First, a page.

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Tagged with: Employee Communication, Employer of Choice
Simply put, an open-door policy means that the "boss" and all of management, in general, keeps a door that's "open" to every employee. It encourages employees to go straight to any manager to express any sort of questions, concerns, or even suggestions without going to a supervisor first.
There are many benefits to maintaining an open-door policy, but it's not as simple as telling your employees the door is open. The door needs to swing in both directions! Unfortunately, we've seen many companies perpetuate an open-door policy that still end up succumbing to union organizing efforts. It mustn't be simply a policy, but a real thing. Leaders need to invite interaction, proactively ask employees what their thoughts are, and build a deep level of employee trust that solicits feedback and addresses any potential concerns.
We'll cover the benefits of an open-door policy in the workplace, but not simply that. We will discuss how to keep the lines of communication open between leaders and employees at all levels. Your organization must take the initiative to start conversations and take the first steps to develop a true connection to avoid a union in your workplace and strengthen the bonds between leaders and their teams and increase employee retention and engagement overall!
The risk of not having an open-door policy in your organization could potentially be disastrous. It could affect your workplace's authenticity, company culture, and the relationships your leaders and team members have as a whole. Considering that workplace culture plays a major factor in employee engagement and employee retention, you'll want to consider changing your policies if you don't have open communication. You need to be actively seeking feedback from employees at every level, every chance you get.
It's always a good idea to hold employee engagement surveys regularly with your team members so that you can receive anonymous feedback. Of course, this is just one way to measure the temperature of your employees. Since these surveys only occur during certain times of the year, like semi-annually, or maybe even only once annually, that means that they're not enough. This should not diminish the importance of your surveys, and those are still absolutely critical to your organization. However, it's equally important to give your employees multiple opportunities and channels to voice their opinions, give valuable feedback, and deepen the relationships between them and their leaders. Relationships are more important than ever -- and not just because they can help you avoid a union.
By enacting an open-door policy and making sure that door swings in both directions, you can encourage your entire organization's communication and feedback. Having this system and procedure in place will drive a culture of engagement that retains employees and a purpose-driven organization. Positive, two-way communication is critical for any workplace that wishes to create or maintain a productive work culture. We will cover how leaders can initiate conversations and take the first step so that their team members don't have to feel "vulnerable" by coming to management with any of their concerns. Part of the problem with companies that claim they have an open-door policy, but still succumb to a union, is that there isn't sufficient two-way communication.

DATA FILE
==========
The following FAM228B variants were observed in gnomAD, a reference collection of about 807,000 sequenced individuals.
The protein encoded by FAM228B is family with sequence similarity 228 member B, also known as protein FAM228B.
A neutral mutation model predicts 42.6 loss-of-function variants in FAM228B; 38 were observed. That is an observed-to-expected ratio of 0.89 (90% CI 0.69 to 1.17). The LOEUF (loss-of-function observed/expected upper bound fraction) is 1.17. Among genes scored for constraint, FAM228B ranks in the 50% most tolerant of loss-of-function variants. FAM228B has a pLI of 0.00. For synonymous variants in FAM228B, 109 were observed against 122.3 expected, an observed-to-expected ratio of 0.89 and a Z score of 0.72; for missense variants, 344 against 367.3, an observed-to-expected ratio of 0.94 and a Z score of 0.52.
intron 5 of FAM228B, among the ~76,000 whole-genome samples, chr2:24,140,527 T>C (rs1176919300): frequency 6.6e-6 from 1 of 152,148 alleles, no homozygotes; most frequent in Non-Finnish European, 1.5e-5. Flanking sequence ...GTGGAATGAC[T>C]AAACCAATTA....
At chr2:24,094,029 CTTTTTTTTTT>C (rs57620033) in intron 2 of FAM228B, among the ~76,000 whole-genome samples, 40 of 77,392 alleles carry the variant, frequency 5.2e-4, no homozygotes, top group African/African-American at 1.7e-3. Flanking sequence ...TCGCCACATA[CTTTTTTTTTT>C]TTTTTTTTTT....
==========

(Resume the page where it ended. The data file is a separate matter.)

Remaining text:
If you don't already have a real open-door policy, it's not too late to change. It cannot be stated enough that it starts with leadership. Employees may be told that they can come to management to voice any opinions they have or deliver feedback, but if they don't have trust and a connection within leadership, they simply won't. This can lead to employees talking amongst one another, expressing grievances to each other, and potentially talking to union organizers when they feel they can't walk into their boss's office to discuss it instead.
As a manager, perhaps you've held meetings and told employees in a group setting that "your door is always open," but you don't have any individual relationships with them. You've done it all right in your eyes, but employee engagement is low, and no one has sat down one-on-one to talk about what may be going on. Set up a direct communication line and follow through when it comes to whatever feedback you have received. These simple actions will develop trust and strengthen the relationship between leaders and employees. If you're wondering how to improve communication, or where to begin, we've got you covered!
Regardless of where your organization stands in terms of communication, there's always room for improvement. Maintaining an open-door policy is not accomplished by simply stating that your door is open. If you are regularly conducting engagement surveys and checking the temperature of your workplace, it's important that you take it a step further to ensure relationships are strengthened between leaders and employees at all levels. Keep lines of communication open, and take the initiative to start the conversation. If you've struggled with developing leaders that feel confident doing so, the professionals at Projections and A Better Leader are here to help. We've had decades of experience helping employers navigate union organizing, implement labor relations training for supervisors, strengthen workplace culture, and ensuring leaders can work well with their team members. Becoming an employer of choice is just around the corner!